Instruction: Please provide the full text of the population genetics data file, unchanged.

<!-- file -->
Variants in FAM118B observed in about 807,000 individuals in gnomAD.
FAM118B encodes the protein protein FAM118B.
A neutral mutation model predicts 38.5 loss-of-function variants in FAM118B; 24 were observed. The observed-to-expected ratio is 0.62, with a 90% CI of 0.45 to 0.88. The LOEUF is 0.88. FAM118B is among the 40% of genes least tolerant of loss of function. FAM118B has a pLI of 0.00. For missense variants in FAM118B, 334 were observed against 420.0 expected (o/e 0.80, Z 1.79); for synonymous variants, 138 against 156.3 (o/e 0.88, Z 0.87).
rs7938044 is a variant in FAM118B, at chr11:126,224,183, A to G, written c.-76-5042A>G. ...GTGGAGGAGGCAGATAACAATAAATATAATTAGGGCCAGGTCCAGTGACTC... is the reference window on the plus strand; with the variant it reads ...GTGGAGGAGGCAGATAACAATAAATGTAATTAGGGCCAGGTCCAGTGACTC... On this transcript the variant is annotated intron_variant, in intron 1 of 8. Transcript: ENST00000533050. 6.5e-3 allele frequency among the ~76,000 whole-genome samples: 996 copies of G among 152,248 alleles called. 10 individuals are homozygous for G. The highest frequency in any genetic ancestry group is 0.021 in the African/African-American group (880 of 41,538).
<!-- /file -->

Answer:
Variants in FAM118B observed in about 807,000 individuals in gnomAD.
FAM118B encodes the protein protein FAM118B.
A neutral mutation model predicts 38.5 loss-of-function variants in FAM118B; 24 were observed. The observed-to-expected ratio is 0.62, with a 90% CI of 0.45 to 0.88. The LOEUF is 0.88. FAM118B is among the 40% of genes least tolerant of loss of function. FAM118B has a pLI of 0.00. For missense variants in FAM118B, 334 were observed against 420.0 expected (o/e 0.80, Z 1.79); for synonymous variants, 138 against 156.3 (o/e 0.88, Z 0.87).
rs7938044 is a variant in FAM118B, at chr11:126,224,183, A to G, written c.-76-5042A>G. ...GTGGAGGAGGCAGATAACAATAAATATAATTAGGGCCAGGTCCAGTGACTC... is the reference window on the plus strand; with the variant it reads ...GTGGAGGAGGCAGATAACAATAAATGTAATTAGGGCCAGGTCCAGTGACTC... On this transcript the variant is annotated intron_variant, in intron 1 of 8. Transcript: ENST00000533050. 6.5e-3 allele frequency among the ~76,000 whole-genome samples: 996 copies of G among 152,248 alleles called. 10 individuals are homozygous for G. The highest frequency in any genetic ancestry group is 0.021 in the African/African-American group (880 of 41,538).